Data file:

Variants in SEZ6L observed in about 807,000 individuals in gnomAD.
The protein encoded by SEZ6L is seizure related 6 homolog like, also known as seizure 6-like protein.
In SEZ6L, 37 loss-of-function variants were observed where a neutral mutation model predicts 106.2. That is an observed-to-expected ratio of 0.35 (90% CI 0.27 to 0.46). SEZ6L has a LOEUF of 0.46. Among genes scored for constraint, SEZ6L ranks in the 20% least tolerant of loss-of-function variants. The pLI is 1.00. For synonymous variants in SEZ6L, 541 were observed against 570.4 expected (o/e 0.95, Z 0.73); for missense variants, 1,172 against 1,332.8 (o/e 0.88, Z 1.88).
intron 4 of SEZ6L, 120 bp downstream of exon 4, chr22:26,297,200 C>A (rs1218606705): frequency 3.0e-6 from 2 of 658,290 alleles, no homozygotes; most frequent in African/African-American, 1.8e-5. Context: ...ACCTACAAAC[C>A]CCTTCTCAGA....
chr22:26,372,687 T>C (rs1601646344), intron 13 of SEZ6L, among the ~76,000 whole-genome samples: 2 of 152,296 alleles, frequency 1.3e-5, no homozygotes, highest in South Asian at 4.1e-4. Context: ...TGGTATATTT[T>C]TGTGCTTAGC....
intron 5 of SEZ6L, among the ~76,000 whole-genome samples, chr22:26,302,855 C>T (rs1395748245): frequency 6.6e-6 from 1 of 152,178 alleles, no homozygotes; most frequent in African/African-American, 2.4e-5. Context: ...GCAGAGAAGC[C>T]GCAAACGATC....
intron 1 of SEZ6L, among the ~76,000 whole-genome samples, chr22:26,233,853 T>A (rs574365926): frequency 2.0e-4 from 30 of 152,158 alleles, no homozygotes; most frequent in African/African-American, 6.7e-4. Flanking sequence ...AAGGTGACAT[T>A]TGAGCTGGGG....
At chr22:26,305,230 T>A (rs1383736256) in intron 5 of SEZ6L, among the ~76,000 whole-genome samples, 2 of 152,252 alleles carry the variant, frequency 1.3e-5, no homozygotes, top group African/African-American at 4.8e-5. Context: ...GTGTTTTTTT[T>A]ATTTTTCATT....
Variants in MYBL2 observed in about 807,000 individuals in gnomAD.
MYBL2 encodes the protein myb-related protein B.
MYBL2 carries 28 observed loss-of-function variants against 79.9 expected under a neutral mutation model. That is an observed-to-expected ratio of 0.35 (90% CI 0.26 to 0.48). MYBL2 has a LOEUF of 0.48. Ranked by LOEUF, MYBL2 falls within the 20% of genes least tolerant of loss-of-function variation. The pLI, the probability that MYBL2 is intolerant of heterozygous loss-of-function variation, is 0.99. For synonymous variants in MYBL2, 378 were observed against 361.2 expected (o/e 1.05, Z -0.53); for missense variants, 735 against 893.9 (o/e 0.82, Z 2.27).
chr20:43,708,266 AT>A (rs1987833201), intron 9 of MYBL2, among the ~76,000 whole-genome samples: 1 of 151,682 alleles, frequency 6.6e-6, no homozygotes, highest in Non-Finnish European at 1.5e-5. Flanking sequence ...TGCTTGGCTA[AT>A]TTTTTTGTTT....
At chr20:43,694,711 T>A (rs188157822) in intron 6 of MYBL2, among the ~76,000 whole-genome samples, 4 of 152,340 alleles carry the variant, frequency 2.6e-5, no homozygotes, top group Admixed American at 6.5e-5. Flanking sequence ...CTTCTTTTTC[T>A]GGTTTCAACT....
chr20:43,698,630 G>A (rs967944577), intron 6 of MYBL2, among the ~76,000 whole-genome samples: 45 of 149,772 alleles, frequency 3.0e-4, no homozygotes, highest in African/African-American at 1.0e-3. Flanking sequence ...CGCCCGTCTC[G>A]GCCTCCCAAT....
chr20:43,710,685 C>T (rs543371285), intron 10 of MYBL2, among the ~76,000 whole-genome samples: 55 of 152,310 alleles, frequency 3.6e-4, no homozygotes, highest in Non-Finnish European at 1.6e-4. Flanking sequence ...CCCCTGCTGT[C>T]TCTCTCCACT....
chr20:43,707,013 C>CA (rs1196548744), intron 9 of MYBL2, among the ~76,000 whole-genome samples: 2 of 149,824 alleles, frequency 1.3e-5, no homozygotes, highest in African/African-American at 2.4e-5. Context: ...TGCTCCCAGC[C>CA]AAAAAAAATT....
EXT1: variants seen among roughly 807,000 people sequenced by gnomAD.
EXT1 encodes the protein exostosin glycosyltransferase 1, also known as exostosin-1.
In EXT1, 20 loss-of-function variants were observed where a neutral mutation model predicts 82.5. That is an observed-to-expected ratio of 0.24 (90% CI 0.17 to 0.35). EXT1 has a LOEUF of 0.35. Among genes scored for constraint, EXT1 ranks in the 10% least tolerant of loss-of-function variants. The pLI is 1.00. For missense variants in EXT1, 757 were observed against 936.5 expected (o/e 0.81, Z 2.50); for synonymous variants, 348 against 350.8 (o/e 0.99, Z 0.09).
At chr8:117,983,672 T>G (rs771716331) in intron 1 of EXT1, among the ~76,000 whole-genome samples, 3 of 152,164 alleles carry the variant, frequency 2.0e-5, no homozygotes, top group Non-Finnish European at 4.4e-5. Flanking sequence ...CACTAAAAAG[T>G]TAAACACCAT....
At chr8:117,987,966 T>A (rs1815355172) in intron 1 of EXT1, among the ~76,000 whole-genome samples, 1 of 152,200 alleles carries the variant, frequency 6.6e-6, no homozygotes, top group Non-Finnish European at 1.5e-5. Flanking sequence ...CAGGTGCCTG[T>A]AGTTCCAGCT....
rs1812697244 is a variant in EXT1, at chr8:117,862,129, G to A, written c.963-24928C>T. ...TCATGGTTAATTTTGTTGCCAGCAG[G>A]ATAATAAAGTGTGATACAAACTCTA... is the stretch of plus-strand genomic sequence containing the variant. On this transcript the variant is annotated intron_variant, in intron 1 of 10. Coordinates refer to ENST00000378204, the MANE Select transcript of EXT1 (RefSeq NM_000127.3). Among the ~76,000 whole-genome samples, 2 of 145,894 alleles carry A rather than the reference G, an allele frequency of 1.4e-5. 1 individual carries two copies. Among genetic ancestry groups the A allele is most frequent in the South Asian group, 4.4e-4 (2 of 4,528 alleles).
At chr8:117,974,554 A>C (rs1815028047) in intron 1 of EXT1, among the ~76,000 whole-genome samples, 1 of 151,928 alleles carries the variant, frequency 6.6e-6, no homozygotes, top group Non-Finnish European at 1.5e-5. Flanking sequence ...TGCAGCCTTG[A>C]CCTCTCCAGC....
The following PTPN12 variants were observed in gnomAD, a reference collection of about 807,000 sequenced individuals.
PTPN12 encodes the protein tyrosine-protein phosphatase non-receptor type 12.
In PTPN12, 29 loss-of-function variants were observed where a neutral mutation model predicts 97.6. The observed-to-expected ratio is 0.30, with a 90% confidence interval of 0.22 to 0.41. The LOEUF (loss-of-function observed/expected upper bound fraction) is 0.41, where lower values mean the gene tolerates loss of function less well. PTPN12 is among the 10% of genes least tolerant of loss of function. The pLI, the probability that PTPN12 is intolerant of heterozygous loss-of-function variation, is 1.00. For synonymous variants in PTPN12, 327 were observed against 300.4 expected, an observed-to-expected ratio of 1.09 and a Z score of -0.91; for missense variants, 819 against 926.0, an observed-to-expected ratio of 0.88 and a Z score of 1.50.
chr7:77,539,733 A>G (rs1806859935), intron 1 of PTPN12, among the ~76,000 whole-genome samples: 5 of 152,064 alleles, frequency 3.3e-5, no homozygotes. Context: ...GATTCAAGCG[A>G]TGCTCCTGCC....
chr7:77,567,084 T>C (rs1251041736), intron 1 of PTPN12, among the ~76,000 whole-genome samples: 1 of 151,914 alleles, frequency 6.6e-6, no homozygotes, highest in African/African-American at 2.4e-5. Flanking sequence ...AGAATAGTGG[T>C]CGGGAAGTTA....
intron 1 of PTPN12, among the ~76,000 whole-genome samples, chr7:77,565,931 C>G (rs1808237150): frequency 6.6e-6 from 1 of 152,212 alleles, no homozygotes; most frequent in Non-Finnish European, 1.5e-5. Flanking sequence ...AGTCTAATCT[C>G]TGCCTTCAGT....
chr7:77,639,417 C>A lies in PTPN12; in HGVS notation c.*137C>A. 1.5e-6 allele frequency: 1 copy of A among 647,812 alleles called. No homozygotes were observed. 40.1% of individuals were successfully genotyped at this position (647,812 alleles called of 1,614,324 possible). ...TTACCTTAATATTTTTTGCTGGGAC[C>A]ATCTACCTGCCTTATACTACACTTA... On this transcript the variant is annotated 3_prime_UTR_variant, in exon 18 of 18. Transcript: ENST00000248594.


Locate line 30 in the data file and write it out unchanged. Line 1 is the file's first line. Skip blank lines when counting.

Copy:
chr7:77,639,417 C>A lies in PTPN12; in HGVS notation c.*137C>A. 1.5e-6 allele frequency: 1 copy of A among 647,812 alleles called. No homozygotes were observed. 40.1% of individuals were successfully genotyped at this position (647,812 alleles called of 1,614,324 possible). ...TTACCTTAATATTTTTTGCTGGGAC[C>A]ATCTACCTGCCTTATACTACACTTA... On this transcript the variant is annotated 3_prime_UTR_variant, in exon 18 of 18. Transcript: ENST00000248594.